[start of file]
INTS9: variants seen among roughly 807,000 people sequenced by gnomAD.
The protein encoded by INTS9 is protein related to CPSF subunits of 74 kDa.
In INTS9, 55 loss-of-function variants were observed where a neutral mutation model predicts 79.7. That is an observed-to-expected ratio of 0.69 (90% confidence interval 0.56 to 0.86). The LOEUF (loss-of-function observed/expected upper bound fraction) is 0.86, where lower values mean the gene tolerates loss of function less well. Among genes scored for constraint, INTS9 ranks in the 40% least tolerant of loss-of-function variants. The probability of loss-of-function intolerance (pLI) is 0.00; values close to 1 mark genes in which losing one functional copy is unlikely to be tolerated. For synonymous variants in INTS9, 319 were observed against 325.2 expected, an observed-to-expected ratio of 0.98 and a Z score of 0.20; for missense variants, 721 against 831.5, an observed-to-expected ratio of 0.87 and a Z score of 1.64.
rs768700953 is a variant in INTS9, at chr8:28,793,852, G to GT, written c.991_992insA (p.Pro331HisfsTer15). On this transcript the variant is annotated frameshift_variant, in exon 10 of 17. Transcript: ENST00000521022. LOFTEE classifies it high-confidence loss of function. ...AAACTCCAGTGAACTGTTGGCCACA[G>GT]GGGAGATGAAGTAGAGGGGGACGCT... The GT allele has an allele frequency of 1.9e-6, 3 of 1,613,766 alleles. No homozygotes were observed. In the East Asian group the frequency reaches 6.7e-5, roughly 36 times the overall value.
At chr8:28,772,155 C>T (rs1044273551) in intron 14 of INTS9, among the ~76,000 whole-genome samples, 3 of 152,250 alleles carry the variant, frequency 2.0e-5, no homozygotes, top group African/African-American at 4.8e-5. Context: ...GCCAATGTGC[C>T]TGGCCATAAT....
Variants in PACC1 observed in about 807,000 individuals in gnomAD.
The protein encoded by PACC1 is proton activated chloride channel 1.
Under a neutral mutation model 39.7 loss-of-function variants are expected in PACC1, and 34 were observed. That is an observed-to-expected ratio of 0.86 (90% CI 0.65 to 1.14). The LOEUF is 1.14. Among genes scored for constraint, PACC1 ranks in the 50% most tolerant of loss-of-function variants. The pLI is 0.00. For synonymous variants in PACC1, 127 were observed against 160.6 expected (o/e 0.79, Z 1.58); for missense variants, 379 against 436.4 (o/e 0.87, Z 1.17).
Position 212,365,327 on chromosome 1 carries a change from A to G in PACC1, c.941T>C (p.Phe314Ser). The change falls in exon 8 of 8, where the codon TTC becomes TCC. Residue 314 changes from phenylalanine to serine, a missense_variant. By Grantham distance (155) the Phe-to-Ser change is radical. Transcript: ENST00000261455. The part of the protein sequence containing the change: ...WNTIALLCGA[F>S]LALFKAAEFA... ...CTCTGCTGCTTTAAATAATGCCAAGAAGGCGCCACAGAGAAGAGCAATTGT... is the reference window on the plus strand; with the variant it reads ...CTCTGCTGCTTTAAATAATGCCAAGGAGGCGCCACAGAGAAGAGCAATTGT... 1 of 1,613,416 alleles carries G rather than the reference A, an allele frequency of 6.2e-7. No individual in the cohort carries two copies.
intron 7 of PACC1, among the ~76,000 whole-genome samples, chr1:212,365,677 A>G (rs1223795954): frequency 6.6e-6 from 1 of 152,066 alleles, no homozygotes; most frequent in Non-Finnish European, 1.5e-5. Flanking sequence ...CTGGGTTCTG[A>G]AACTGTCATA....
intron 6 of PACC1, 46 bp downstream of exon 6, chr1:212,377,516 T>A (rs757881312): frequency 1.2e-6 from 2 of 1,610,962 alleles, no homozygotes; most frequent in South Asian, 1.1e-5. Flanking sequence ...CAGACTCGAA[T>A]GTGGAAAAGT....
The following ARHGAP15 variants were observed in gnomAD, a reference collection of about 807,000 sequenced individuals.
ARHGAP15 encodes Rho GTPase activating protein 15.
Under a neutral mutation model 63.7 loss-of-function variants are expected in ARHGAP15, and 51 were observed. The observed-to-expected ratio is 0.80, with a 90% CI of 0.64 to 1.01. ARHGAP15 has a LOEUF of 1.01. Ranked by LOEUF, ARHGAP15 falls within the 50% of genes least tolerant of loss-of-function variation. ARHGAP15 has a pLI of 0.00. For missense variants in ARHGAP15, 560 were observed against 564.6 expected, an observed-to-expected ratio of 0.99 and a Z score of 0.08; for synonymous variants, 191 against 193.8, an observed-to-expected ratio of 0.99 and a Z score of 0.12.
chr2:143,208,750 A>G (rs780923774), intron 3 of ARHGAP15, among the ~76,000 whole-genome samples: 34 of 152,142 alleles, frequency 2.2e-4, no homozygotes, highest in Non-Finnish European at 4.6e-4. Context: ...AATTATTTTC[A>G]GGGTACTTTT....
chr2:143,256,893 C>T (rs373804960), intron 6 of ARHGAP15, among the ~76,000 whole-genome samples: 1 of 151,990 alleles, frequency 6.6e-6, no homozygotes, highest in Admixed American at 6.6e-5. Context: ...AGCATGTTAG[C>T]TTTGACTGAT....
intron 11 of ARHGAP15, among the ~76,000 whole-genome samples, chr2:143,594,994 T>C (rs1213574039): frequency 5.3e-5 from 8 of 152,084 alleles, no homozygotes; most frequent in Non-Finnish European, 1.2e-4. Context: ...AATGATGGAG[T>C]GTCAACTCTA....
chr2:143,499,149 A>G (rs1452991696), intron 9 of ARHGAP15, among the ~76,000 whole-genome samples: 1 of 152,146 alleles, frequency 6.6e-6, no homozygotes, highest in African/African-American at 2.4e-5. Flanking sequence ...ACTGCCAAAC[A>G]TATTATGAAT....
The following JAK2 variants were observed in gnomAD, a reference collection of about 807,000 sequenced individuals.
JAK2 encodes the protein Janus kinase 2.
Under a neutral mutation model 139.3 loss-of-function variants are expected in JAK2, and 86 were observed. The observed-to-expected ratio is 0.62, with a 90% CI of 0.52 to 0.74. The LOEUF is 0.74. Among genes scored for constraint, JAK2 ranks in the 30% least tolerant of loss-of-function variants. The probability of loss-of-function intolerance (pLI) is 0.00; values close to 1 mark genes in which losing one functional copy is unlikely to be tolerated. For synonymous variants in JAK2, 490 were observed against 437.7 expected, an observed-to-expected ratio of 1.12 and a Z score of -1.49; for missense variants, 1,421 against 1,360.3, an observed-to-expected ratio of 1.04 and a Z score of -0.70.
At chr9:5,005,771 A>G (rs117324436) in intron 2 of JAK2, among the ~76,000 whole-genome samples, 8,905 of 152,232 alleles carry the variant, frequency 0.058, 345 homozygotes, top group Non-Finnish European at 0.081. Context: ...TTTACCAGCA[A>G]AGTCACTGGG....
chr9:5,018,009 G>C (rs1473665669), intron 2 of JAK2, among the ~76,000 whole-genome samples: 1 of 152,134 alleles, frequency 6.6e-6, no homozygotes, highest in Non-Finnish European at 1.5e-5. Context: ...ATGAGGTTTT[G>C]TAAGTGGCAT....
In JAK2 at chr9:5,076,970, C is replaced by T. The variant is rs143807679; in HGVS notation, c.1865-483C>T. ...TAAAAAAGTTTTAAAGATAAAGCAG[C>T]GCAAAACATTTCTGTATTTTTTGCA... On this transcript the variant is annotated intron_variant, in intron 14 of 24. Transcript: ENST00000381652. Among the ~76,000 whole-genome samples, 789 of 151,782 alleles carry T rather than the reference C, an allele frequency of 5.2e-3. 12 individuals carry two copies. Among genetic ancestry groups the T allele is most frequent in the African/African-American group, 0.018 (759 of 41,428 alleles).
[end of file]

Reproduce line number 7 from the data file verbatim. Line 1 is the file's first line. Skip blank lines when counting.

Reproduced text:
The protein encoded by PACC1 is proton activated chloride channel 1.